Summertime brings unexpected and at times unpredictable dust storms. Dust storms are caused when high winds sweep across unplanted agricultural fields or dry desert terrain, causing dust to engulf nearby highways. Dust storms are generally brief, but must be taken seriously because of blinding conditions on the highways. Dust storms have been attributed to many collisions resulting in loss of property, injury and death.
Dust storms are more common between the May and September on Interstate 10 between Phoenix and Tucson, Interstate 10 between Benson and the New Mexico State line, and on Interstate 8 between Casa Grande and Yuma. Persons traveling during the summer and other times of year are encouraged to listen to weather reports on radio and television, especially during windy conditions. Weathermen report when dust storms are possible.
If motorists see a dust storm crossing the road or are engulfed in one, they should pull off the highway a safe distance and wait for the dusty conditions to pass. When stopped, turn off lights; set the emergency brake, and make sure the brake light is off. This will reduce the possibility of a rear-end collision.
If conditions prevent pulling off the road, proceed at an appropriately reduced speed. In this situation, turn your lights on and use the center line as a guide. Again remember never to stop on the pavement.
Nighttime: A Hazardous Time to Drive
Nighttime, especially Saturday night and early Sunday morning, is the most hazardous time to drive in Arizona. During 1990, 47.1 percent of Arizona's fatal accidents occurred between sunset and sunrise.
There are various factors for such tragic statistics, according to researchers at the Arizona Department of Public Safety.
Some drivers exceed the speed limit, drink too much and try to drive home when they are too tired to do so. Then there are those who refuse to drive within the range of their vehicle's headlights.
Research indicates about six percent of this state's fatal traffic accidents occur on either Saturday night or early Sunday morning.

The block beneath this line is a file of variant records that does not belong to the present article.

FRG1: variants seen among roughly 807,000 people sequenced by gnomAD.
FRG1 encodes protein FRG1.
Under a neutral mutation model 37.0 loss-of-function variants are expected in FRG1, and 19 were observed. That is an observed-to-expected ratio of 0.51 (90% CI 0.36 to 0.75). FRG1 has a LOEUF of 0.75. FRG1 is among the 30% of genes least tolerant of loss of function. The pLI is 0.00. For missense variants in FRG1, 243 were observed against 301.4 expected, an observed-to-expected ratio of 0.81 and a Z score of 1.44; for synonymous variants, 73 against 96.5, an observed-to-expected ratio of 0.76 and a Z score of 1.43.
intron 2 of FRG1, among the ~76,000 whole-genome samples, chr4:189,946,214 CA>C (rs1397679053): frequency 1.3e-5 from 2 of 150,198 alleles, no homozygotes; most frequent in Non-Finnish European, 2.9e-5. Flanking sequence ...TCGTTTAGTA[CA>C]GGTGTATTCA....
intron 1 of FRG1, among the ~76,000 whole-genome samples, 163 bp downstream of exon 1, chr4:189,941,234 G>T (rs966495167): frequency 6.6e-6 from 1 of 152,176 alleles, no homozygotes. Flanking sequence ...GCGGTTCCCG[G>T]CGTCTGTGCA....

The majority of these accidents occur in clear weather and on dry pavement. So driver error plays a key role in highway death statistics. At DPS, we believe most motorists become more aware of highway safety when darkness diminishes their visibility. But there still are too many drivers who drive too dangerously, especially at nighttime.
Here are some helpful suggestions to safer nighttime driving:
- Slow down and drive within the range of your vehicle's headlights.
- Dim your vehicle's headlight beams at least 500 feet ahead of approaching vehicles.
- Dim the headlights when following another car. Your vehicle's headlights reduce the other driver's vision. In Arizona, headlights must be dimmed when the trailing vehicle is 200 feet or closer.
- Keep headlights clean. Headlight dirt can cut light output by 75 percent. Proper headlight aim also is very important and should be checked periodically.
- Never look directly at a glaring headlight. Keep your eyes on the right edge of the road, but at the same time, pay attention to where the oncoming vehicle is by quick glances in that direction.
- Greatly reduce speed when confronted with oncoming headlights, especially when the headlights are not dimmed. Maintain reduced speed until your eyes are recovered from the glare.
- Go slow on curves. Remember that your car will not automatically follow the direction of the curve.
- Avoid using light of any kind in your car while driving.
- Do not drive if tired. Fatigue reduces your ability to see clearly, and you may fall asleep when least aware of it.
- Obey the speed limit. Remember that the speed limit is 65 mph only on rural interstates. On state routes and other federal highways the speed limit is still 55 mph.